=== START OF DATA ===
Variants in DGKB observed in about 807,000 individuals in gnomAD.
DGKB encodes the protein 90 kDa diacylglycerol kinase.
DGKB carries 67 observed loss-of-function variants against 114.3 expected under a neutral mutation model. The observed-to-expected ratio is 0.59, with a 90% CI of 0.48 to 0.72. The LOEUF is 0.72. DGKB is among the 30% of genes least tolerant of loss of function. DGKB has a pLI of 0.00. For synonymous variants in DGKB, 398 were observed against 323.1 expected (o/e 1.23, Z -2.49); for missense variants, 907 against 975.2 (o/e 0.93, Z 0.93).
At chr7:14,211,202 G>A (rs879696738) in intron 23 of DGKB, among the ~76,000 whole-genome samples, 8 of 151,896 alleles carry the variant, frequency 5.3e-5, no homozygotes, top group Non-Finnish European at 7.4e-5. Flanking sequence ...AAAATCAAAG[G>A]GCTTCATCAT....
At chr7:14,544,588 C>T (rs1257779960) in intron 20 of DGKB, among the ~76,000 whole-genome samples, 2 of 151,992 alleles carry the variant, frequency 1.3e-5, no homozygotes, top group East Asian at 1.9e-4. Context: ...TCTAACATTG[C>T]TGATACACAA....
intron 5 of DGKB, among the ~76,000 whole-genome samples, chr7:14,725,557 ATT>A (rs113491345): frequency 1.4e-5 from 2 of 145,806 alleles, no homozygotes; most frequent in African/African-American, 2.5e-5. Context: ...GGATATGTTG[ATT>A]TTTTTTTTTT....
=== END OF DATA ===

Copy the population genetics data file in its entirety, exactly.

Variants in DGKB observed in about 807,000 individuals in gnomAD.
DGKB encodes the protein 90 kDa diacylglycerol kinase.
DGKB carries 67 observed loss-of-function variants against 114.3 expected under a neutral mutation model. The observed-to-expected ratio is 0.59, with a 90% CI of 0.48 to 0.72. The LOEUF is 0.72. DGKB is among the 30% of genes least tolerant of loss of function. DGKB has a pLI of 0.00. For synonymous variants in DGKB, 398 were observed against 323.1 expected (o/e 1.23, Z -2.49); for missense variants, 907 against 975.2 (o/e 0.93, Z 0.93).
At chr7:14,211,202 G>A (rs879696738) in intron 23 of DGKB, among the ~76,000 whole-genome samples, 8 of 151,896 alleles carry the variant, frequency 5.3e-5, no homozygotes, top group Non-Finnish European at 7.4e-5. Flanking sequence ...AAAATCAAAG[G>A]GCTTCATCAT....
At chr7:14,544,588 C>T (rs1257779960) in intron 20 of DGKB, among the ~76,000 whole-genome samples, 2 of 151,992 alleles carry the variant, frequency 1.3e-5, no homozygotes, top group East Asian at 1.9e-4. Context: ...TCTAACATTG[C>T]TGATACACAA....
intron 5 of DGKB, among the ~76,000 whole-genome samples, chr7:14,725,557 ATT>A (rs113491345): frequency 1.4e-5 from 2 of 145,806 alleles, no homozygotes; most frequent in African/African-American, 2.5e-5. Context: ...GGATATGTTG[ATT>A]TTTTTTTTTT....